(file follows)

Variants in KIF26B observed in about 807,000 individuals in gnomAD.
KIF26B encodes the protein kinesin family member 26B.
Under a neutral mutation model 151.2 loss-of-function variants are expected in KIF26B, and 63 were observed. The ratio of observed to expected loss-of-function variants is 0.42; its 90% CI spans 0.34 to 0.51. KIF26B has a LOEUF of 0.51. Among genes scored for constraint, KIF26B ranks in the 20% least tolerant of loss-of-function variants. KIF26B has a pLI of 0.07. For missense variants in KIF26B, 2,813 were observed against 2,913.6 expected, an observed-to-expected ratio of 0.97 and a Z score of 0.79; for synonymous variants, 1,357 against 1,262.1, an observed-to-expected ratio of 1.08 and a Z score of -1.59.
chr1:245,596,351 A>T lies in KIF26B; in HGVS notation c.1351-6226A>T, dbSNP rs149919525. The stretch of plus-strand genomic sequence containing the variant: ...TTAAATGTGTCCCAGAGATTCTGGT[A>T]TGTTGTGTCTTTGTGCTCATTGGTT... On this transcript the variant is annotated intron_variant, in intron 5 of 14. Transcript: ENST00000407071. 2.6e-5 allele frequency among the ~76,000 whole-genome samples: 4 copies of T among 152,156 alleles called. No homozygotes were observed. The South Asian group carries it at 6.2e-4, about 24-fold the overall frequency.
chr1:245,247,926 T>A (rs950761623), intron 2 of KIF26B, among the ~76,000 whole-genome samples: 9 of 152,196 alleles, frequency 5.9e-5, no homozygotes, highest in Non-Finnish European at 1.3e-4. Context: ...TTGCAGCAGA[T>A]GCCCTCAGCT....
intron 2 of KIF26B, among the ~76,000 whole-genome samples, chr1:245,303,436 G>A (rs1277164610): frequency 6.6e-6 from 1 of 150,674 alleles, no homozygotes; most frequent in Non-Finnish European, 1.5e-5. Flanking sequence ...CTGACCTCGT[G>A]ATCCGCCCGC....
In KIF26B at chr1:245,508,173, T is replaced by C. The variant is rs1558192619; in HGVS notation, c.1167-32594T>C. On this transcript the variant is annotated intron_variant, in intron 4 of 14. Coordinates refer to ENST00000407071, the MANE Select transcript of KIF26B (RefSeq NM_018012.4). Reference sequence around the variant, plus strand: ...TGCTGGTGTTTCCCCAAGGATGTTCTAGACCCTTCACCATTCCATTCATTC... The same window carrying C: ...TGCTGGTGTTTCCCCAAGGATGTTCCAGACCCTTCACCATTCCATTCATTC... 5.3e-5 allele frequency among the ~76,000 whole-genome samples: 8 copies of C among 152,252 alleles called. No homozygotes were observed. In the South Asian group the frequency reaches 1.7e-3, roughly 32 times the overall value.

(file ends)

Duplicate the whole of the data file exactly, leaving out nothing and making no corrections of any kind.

Variants in KIF26B observed in about 807,000 individuals in gnomAD.
KIF26B encodes the protein kinesin family member 26B.
Under a neutral mutation model 151.2 loss-of-function variants are expected in KIF26B, and 63 were observed. The ratio of observed to expected loss-of-function variants is 0.42; its 90% CI spans 0.34 to 0.51. KIF26B has a LOEUF of 0.51. Among genes scored for constraint, KIF26B ranks in the 20% least tolerant of loss-of-function variants. KIF26B has a pLI of 0.07. For missense variants in KIF26B, 2,813 were observed against 2,913.6 expected, an observed-to-expected ratio of 0.97 and a Z score of 0.79; for synonymous variants, 1,357 against 1,262.1, an observed-to-expected ratio of 1.08 and a Z score of -1.59.
chr1:245,596,351 A>T lies in KIF26B; in HGVS notation c.1351-6226A>T, dbSNP rs149919525. The stretch of plus-strand genomic sequence containing the variant: ...TTAAATGTGTCCCAGAGATTCTGGT[A>T]TGTTGTGTCTTTGTGCTCATTGGTT... On this transcript the variant is annotated intron_variant, in intron 5 of 14. Transcript: ENST00000407071. 2.6e-5 allele frequency among the ~76,000 whole-genome samples: 4 copies of T among 152,156 alleles called. No homozygotes were observed. The South Asian group carries it at 6.2e-4, about 24-fold the overall frequency.
chr1:245,247,926 T>A (rs950761623), intron 2 of KIF26B, among the ~76,000 whole-genome samples: 9 of 152,196 alleles, frequency 5.9e-5, no homozygotes, highest in Non-Finnish European at 1.3e-4. Context: ...TTGCAGCAGA[T>A]GCCCTCAGCT....
intron 2 of KIF26B, among the ~76,000 whole-genome samples, chr1:245,303,436 G>A (rs1277164610): frequency 6.6e-6 from 1 of 150,674 alleles, no homozygotes; most frequent in Non-Finnish European, 1.5e-5. Flanking sequence ...CTGACCTCGT[G>A]ATCCGCCCGC....
In KIF26B at chr1:245,508,173, T is replaced by C. The variant is rs1558192619; in HGVS notation, c.1167-32594T>C. On this transcript the variant is annotated intron_variant, in intron 4 of 14. Coordinates refer to ENST00000407071, the MANE Select transcript of KIF26B (RefSeq NM_018012.4). Reference sequence around the variant, plus strand: ...TGCTGGTGTTTCCCCAAGGATGTTCTAGACCCTTCACCATTCCATTCATTC... The same window carrying C: ...TGCTGGTGTTTCCCCAAGGATGTTCCAGACCCTTCACCATTCCATTCATTC... 5.3e-5 allele frequency among the ~76,000 whole-genome samples: 8 copies of C among 152,252 alleles called. No homozygotes were observed. In the South Asian group the frequency reaches 1.7e-3, roughly 32 times the overall value.